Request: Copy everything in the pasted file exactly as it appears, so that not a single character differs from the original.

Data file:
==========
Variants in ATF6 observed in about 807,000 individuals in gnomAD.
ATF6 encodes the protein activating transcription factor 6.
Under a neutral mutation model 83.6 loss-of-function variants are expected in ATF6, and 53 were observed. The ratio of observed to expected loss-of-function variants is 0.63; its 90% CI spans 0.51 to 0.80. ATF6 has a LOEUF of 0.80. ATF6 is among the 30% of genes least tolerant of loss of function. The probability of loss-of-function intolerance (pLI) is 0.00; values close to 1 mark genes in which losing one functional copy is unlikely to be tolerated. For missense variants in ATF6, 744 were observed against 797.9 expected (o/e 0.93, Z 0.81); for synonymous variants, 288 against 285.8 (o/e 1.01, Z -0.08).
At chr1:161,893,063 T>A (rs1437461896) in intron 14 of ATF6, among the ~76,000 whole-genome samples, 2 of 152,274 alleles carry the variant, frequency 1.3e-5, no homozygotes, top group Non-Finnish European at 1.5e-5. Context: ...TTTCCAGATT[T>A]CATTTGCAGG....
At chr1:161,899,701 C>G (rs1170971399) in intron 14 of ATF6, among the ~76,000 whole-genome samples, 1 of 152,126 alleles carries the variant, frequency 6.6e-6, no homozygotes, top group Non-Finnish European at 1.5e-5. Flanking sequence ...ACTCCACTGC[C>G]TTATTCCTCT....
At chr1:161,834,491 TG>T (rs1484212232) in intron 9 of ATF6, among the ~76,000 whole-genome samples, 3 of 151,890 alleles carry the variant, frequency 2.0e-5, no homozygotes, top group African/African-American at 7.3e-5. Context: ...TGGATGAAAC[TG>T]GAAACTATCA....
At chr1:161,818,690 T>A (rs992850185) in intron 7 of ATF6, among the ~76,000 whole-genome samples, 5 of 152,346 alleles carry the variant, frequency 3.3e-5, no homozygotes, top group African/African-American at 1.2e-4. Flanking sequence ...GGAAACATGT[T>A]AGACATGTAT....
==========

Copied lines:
Variants in ATF6 observed in about 807,000 individuals in gnomAD.
ATF6 encodes the protein activating transcription factor 6.
Under a neutral mutation model 83.6 loss-of-function variants are expected in ATF6, and 53 were observed. The ratio of observed to expected loss-of-function variants is 0.63; its 90% CI spans 0.51 to 0.80. ATF6 has a LOEUF of 0.80. ATF6 is among the 30% of genes least tolerant of loss of function. The probability of loss-of-function intolerance (pLI) is 0.00; values close to 1 mark genes in which losing one functional copy is unlikely to be tolerated. For missense variants in ATF6, 744 were observed against 797.9 expected (o/e 0.93, Z 0.81); for synonymous variants, 288 against 285.8 (o/e 1.01, Z -0.08).
At chr1:161,893,063 T>A (rs1437461896) in intron 14 of ATF6, among the ~76,000 whole-genome samples, 2 of 152,274 alleles carry the variant, frequency 1.3e-5, no homozygotes, top group Non-Finnish European at 1.5e-5. Context: ...TTTCCAGATT[T>A]CATTTGCAGG....
At chr1:161,899,701 C>G (rs1170971399) in intron 14 of ATF6, among the ~76,000 whole-genome samples, 1 of 152,126 alleles carries the variant, frequency 6.6e-6, no homozygotes, top group Non-Finnish European at 1.5e-5. Flanking sequence ...ACTCCACTGC[C>G]TTATTCCTCT....
At chr1:161,834,491 TG>T (rs1484212232) in intron 9 of ATF6, among the ~76,000 whole-genome samples, 3 of 151,890 alleles carry the variant, frequency 2.0e-5, no homozygotes, top group African/African-American at 7.3e-5. Context: ...TGGATGAAAC[TG>T]GAAACTATCA....
At chr1:161,818,690 T>A (rs992850185) in intron 7 of ATF6, among the ~76,000 whole-genome samples, 5 of 152,346 alleles carry the variant, frequency 3.3e-5, no homozygotes, top group African/African-American at 1.2e-4. Flanking sequence ...GGAAACATGT[T>A]AGACATGTAT....